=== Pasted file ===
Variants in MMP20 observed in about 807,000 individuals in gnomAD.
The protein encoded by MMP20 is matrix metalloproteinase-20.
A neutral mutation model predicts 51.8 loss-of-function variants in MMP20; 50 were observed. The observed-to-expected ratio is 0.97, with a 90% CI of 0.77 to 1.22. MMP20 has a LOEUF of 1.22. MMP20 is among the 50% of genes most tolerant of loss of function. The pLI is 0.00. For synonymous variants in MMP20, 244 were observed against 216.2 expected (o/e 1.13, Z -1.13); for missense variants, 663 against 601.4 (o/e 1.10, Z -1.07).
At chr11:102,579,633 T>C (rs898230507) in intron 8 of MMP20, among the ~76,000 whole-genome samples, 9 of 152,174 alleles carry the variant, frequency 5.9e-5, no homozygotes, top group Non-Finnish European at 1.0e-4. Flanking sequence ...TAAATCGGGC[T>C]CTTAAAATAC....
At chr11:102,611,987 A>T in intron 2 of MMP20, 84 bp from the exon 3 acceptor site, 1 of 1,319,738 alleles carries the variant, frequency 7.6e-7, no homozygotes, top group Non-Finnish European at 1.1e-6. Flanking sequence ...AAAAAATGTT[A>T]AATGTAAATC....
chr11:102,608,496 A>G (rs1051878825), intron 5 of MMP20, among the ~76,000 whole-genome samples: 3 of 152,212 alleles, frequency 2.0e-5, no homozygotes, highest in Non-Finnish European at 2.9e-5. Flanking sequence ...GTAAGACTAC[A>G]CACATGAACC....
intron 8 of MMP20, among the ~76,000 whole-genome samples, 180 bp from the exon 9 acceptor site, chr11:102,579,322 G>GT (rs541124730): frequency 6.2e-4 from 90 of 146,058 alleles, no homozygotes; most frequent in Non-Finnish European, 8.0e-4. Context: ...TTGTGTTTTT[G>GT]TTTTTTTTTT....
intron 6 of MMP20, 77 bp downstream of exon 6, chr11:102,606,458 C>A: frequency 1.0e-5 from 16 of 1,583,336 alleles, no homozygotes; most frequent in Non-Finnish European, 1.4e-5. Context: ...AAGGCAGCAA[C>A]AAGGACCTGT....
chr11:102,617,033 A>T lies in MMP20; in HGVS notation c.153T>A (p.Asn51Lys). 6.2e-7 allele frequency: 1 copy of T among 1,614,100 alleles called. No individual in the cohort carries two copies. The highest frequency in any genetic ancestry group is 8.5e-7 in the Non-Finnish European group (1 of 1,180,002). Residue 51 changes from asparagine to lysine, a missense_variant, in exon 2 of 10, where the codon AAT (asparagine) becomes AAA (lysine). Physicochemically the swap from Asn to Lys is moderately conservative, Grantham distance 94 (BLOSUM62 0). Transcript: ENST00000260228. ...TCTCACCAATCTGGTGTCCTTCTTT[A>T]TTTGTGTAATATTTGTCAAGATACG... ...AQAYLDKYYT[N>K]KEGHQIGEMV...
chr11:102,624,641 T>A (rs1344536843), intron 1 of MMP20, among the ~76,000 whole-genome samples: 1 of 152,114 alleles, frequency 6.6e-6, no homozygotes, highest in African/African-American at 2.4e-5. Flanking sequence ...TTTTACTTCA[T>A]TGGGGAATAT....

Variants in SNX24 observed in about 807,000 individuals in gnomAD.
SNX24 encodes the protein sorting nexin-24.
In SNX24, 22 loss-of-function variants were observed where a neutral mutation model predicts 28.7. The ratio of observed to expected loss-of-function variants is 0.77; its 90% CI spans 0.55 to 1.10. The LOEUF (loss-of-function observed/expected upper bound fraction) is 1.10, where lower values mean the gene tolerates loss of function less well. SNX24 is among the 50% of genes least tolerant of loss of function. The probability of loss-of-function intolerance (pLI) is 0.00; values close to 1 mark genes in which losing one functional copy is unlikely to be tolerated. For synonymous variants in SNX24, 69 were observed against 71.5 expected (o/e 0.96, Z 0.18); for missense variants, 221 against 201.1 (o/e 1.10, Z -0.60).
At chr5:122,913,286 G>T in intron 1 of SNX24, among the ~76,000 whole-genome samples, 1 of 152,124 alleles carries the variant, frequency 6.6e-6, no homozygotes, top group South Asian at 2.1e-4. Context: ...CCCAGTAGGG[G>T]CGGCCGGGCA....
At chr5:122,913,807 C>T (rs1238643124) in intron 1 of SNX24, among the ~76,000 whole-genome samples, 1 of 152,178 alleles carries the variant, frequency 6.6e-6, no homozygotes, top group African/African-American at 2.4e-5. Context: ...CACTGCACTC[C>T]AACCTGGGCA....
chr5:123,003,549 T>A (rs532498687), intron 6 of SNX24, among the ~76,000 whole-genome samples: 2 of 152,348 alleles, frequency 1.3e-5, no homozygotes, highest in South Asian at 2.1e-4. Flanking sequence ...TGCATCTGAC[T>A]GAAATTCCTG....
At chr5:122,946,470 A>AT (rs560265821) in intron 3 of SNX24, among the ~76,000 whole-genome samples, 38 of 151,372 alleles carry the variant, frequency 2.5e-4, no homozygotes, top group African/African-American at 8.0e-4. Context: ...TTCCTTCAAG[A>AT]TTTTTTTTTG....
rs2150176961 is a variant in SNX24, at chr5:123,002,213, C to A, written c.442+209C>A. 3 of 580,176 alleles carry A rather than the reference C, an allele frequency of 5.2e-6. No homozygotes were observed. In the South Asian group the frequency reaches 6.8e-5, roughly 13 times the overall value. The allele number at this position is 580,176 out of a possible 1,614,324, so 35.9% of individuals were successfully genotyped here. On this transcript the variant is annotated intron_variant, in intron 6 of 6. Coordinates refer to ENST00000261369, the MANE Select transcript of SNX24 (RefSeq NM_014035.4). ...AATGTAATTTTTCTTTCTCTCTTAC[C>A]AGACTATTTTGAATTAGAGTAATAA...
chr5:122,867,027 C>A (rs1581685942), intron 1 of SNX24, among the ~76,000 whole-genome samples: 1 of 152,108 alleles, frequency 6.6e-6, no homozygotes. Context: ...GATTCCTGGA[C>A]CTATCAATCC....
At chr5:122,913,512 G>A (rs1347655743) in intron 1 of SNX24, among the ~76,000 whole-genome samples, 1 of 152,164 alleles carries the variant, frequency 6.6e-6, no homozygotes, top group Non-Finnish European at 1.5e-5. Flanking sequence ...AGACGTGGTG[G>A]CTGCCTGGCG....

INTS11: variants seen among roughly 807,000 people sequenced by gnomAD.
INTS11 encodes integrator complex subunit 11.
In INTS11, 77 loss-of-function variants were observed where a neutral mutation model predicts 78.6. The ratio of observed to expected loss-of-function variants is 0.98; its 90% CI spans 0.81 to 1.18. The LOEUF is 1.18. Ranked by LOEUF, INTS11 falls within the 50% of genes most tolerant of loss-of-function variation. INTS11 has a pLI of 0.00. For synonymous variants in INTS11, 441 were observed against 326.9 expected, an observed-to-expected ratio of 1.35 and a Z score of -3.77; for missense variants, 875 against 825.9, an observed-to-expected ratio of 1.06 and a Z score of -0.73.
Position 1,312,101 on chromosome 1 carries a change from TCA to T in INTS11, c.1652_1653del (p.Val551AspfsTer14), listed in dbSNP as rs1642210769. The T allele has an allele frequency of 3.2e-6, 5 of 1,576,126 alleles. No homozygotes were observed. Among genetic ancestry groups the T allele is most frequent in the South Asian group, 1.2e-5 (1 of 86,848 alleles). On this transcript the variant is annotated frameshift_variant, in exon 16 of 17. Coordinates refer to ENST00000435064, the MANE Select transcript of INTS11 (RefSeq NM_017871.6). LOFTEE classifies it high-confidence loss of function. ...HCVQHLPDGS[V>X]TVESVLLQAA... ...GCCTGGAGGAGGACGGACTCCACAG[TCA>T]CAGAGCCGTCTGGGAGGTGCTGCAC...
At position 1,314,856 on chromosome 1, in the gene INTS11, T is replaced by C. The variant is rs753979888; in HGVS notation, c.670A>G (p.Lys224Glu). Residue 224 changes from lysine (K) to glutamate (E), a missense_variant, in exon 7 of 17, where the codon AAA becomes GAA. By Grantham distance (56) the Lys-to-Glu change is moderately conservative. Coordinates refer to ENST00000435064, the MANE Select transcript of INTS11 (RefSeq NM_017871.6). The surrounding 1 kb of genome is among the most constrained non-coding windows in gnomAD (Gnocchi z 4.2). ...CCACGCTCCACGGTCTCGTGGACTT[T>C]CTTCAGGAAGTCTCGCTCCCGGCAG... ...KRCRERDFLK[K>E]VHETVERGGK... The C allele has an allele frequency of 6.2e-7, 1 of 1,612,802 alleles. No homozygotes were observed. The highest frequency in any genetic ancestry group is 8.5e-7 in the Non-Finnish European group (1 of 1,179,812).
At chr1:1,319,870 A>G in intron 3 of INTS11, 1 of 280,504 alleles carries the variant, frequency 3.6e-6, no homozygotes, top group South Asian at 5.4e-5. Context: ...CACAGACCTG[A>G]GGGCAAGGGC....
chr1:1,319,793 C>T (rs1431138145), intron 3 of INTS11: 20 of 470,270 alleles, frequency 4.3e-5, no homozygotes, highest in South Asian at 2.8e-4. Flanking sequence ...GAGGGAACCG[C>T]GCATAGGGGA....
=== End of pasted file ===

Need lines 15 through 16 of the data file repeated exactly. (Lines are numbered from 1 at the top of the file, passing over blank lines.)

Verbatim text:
At chr5:122,913,807 C>T (rs1238643124) in intron 1 of SNX24, among the ~76,000 whole-genome samples, 1 of 152,178 alleles carries the variant, frequency 6.6e-6, no homozygotes, top group African/African-American at 2.4e-5. Context: ...CACTGCACTC[C>T]AACCTGGGCA....
chr5:123,003,549 T>A (rs532498687), intron 6 of SNX24, among the ~76,000 whole-genome samples: 2 of 152,348 alleles, frequency 1.3e-5, no homozygotes, highest in South Asian at 2.1e-4. Flanking sequence ...TGCATCTGAC[T>A]GAAATTCCTG....